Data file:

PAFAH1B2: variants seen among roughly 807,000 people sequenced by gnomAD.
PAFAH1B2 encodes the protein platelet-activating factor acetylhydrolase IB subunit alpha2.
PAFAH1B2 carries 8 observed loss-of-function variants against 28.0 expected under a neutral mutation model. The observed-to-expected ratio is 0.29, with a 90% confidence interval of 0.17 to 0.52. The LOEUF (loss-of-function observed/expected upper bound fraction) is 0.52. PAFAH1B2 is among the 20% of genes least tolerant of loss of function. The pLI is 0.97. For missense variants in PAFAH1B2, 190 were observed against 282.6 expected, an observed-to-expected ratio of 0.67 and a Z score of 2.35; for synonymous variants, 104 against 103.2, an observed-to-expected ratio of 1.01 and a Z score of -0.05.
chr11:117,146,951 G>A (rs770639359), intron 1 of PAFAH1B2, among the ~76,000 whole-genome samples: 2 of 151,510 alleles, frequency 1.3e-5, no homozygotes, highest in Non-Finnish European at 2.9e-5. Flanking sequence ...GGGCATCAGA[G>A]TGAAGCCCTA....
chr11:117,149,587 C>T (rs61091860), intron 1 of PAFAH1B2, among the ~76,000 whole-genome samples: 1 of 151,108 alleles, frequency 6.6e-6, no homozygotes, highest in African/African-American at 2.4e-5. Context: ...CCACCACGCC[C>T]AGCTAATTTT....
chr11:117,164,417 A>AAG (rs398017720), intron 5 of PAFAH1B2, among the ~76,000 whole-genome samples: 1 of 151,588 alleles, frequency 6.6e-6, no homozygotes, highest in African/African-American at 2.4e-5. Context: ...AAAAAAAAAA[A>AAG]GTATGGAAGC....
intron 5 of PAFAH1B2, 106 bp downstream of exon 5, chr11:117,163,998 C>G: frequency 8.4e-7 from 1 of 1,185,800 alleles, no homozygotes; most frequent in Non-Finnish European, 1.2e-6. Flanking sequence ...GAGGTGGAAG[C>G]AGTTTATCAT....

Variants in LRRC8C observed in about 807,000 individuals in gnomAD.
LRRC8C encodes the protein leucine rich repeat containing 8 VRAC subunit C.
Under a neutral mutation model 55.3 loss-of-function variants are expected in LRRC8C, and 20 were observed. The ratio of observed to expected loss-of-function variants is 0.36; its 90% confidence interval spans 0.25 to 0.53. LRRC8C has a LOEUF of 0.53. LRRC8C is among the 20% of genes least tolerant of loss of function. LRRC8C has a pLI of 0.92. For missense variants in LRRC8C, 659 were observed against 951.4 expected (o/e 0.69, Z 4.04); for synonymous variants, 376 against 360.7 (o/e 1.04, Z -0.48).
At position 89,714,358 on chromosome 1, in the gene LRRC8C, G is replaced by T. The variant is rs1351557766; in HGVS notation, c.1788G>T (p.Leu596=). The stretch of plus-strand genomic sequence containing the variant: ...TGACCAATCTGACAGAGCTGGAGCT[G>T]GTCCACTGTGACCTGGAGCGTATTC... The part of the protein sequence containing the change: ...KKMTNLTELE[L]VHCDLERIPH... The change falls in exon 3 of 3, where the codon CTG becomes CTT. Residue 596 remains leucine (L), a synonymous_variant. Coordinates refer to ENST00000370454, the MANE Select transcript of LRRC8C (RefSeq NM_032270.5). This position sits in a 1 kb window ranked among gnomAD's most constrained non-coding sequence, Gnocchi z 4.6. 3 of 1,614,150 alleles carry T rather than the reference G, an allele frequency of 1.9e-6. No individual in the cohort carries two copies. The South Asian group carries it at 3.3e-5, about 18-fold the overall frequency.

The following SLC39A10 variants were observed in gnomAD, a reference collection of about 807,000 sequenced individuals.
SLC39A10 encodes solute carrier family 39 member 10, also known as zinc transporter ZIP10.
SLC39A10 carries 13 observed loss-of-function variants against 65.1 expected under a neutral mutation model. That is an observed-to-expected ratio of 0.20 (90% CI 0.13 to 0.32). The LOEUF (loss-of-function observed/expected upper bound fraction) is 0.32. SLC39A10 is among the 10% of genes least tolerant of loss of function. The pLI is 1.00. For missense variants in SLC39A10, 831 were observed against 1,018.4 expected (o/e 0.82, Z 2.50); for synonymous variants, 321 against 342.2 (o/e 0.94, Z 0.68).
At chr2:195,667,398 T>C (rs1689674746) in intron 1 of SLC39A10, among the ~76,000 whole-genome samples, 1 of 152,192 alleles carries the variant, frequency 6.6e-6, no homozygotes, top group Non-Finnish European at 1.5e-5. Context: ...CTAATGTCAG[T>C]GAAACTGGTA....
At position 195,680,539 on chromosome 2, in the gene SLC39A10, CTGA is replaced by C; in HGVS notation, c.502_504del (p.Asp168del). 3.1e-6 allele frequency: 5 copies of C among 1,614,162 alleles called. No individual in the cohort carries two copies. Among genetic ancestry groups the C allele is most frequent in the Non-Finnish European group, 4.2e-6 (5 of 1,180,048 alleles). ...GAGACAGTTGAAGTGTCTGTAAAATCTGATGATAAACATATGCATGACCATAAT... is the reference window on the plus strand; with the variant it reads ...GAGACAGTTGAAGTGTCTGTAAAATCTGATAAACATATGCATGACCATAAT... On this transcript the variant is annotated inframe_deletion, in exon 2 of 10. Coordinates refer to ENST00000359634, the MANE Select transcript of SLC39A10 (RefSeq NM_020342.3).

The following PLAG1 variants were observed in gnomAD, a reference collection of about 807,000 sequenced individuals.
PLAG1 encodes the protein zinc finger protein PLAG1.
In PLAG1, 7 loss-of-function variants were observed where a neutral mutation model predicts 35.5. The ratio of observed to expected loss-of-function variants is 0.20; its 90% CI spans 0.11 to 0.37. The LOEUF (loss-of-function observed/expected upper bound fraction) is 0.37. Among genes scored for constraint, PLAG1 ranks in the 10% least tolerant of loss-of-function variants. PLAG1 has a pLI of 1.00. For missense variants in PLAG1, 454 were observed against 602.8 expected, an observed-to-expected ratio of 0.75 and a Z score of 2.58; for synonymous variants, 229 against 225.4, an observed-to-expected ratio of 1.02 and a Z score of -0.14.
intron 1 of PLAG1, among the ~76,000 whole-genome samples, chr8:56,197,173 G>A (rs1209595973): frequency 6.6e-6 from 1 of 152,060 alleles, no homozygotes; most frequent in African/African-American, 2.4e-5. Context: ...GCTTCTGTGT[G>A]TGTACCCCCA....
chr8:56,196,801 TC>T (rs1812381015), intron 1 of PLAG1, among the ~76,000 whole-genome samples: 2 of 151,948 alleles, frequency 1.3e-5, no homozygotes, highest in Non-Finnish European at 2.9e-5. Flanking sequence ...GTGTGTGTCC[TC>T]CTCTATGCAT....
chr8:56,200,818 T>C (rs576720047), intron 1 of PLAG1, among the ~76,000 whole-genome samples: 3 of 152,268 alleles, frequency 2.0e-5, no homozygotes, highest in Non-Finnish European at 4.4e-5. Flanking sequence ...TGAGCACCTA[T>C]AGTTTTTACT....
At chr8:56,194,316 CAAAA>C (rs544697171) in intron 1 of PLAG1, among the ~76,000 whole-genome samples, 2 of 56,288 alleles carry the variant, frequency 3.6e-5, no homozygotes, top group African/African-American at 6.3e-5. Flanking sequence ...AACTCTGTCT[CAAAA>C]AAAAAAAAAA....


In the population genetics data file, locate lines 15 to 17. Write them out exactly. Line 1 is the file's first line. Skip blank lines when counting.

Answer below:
At chr2:195,667,398 T>C (rs1689674746) in intron 1 of SLC39A10, among the ~76,000 whole-genome samples, 1 of 152,192 alleles carries the variant, frequency 6.6e-6, no homozygotes, top group Non-Finnish European at 1.5e-5. Context: ...CTAATGTCAG[T>C]GAAACTGGTA....
At position 195,680,539 on chromosome 2, in the gene SLC39A10, CTGA is replaced by C; in HGVS notation, c.502_504del (p.Asp168del). 3.1e-6 allele frequency: 5 copies of C among 1,614,162 alleles called. No individual in the cohort carries two copies. Among genetic ancestry groups the C allele is most frequent in the Non-Finnish European group, 4.2e-6 (5 of 1,180,048 alleles). ...GAGACAGTTGAAGTGTCTGTAAAATCTGATGATAAACATATGCATGACCATAAT... is the reference window on the plus strand; with the variant it reads ...GAGACAGTTGAAGTGTCTGTAAAATCTGATAAACATATGCATGACCATAAT... On this transcript the variant is annotated inframe_deletion, in exon 2 of 10. Coordinates refer to ENST00000359634, the MANE Select transcript of SLC39A10 (RefSeq NM_020342.3).

The following PLAG1 variants were observed in gnomAD, a reference collection of about 807,000 sequenced individuals.